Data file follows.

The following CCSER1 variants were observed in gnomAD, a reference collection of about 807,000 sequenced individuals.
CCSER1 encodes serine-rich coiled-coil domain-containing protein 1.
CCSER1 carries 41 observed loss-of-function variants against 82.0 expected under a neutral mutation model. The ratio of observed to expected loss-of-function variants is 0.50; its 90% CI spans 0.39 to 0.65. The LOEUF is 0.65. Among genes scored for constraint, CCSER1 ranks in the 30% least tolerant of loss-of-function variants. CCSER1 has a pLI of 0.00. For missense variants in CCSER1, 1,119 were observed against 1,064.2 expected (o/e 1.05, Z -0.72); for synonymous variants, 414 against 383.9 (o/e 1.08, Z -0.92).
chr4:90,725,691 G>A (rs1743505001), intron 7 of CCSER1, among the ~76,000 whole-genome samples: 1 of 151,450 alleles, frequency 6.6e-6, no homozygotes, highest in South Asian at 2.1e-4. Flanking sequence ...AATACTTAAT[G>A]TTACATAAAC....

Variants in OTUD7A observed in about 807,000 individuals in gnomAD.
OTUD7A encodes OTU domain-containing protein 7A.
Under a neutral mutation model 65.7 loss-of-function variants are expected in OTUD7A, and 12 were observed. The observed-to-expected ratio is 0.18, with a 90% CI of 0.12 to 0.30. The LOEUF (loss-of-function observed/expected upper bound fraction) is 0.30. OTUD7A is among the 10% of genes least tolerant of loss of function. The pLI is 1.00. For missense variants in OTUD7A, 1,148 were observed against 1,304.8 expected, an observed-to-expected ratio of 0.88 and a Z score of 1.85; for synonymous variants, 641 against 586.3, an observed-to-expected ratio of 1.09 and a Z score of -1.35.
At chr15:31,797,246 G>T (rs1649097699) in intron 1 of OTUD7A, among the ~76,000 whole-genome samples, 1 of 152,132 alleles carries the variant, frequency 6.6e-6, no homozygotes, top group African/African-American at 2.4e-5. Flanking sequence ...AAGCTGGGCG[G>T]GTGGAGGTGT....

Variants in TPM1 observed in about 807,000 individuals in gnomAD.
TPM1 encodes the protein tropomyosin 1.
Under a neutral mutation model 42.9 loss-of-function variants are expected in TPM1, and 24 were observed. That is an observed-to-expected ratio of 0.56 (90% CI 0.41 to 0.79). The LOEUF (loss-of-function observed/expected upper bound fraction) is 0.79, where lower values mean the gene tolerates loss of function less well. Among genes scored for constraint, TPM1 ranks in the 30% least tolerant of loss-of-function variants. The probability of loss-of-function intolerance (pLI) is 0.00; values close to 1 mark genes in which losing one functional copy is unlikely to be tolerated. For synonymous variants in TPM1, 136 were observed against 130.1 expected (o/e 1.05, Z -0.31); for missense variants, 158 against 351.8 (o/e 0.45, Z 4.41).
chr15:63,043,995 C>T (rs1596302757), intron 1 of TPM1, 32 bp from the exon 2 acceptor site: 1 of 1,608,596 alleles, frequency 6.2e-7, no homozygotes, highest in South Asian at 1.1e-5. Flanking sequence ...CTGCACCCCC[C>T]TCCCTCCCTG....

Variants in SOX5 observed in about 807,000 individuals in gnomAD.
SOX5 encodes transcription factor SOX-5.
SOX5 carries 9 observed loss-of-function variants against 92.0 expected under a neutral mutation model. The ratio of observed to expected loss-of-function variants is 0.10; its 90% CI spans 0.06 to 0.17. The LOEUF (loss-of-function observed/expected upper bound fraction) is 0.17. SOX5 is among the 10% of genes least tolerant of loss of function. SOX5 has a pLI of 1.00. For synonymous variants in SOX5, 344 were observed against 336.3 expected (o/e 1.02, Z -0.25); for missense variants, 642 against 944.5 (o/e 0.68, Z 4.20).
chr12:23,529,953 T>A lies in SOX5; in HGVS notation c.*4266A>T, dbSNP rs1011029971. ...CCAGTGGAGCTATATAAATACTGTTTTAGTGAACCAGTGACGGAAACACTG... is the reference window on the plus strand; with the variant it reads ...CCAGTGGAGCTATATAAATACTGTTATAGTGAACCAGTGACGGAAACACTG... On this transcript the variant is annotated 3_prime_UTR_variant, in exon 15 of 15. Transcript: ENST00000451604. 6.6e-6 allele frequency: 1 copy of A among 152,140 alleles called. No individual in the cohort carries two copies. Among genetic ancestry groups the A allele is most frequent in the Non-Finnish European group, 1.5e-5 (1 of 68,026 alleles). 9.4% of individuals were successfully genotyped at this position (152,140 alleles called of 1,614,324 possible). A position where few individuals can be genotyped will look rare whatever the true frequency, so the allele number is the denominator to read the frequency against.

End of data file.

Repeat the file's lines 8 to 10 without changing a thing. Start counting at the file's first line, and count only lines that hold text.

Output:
At chr15:31,797,246 G>T (rs1649097699) in intron 1 of OTUD7A, among the ~76,000 whole-genome samples, 1 of 152,132 alleles carries the variant, frequency 6.6e-6, no homozygotes, top group African/African-American at 2.4e-5. Flanking sequence ...AAGCTGGGCG[G>T]GTGGAGGTGT....

Variants in TPM1 observed in about 807,000 individuals in gnomAD.
TPM1 encodes the protein tropomyosin 1.